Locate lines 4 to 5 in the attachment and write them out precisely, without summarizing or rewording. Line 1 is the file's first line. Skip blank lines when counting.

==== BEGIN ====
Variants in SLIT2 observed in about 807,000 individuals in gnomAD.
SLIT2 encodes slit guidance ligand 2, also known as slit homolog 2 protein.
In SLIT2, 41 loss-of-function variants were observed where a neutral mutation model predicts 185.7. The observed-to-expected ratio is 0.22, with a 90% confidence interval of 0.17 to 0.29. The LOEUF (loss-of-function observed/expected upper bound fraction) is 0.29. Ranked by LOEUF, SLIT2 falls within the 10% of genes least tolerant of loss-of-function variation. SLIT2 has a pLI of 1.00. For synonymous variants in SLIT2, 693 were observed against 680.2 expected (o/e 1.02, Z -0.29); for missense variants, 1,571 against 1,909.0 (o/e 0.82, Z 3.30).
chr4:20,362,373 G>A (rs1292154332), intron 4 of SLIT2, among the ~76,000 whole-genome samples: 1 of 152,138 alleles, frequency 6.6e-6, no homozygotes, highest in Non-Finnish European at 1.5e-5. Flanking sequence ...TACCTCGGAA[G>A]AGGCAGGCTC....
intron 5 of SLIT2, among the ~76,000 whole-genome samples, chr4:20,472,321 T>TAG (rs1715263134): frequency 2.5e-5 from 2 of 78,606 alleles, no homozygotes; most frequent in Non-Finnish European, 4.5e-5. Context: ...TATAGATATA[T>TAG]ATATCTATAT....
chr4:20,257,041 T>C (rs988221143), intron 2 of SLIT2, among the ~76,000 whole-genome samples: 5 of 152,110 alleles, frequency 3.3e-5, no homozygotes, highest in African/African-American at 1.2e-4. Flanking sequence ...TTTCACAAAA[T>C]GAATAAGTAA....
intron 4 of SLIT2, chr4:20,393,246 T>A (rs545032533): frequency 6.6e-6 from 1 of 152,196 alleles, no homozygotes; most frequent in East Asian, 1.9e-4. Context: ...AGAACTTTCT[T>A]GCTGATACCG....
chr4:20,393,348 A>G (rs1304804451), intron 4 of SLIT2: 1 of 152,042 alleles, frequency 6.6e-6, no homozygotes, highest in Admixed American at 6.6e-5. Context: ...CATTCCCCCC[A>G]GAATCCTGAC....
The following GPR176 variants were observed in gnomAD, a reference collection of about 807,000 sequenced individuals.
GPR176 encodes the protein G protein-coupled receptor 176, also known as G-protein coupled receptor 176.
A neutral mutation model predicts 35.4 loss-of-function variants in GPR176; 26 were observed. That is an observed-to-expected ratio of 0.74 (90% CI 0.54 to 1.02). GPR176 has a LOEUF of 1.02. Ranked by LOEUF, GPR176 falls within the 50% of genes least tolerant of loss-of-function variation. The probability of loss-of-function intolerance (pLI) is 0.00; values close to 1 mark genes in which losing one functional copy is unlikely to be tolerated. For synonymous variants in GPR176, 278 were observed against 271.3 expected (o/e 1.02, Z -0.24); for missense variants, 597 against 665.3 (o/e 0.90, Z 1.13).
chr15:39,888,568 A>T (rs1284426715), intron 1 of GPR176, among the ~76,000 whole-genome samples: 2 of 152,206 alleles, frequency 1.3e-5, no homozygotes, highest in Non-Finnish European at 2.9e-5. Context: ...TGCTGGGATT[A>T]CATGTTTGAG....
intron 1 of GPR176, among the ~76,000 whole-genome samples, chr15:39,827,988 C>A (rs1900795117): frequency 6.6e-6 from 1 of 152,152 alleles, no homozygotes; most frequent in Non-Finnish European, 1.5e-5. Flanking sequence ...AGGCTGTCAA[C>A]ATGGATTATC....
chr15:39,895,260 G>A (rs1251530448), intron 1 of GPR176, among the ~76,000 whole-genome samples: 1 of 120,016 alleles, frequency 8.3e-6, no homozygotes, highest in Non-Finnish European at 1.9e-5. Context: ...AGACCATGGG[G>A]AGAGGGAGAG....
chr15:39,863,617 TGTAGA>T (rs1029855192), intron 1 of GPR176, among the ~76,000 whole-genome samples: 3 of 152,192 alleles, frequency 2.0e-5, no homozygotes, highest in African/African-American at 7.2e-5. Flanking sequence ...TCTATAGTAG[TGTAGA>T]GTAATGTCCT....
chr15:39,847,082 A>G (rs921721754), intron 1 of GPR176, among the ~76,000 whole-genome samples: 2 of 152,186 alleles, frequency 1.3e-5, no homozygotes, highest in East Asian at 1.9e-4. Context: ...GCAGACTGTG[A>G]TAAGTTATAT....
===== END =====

chr4:20,362,373 G>A (rs1292154332), intron 4 of SLIT2, among the ~76,000 whole-genome samples: 1 of 152,138 alleles, frequency 6.6e-6, no homozygotes, highest in Non-Finnish European at 1.5e-5. Flanking sequence ...TACCTCGGAA[G>A]AGGCAGGCTC....
intron 5 of SLIT2, among the ~76,000 whole-genome samples, chr4:20,472,321 T>TAG (rs1715263134): frequency 2.5e-5 from 2 of 78,606 alleles, no homozygotes; most frequent in Non-Finnish European, 4.5e-5. Context: ...TATAGATATA[T>TAG]ATATCTATAT....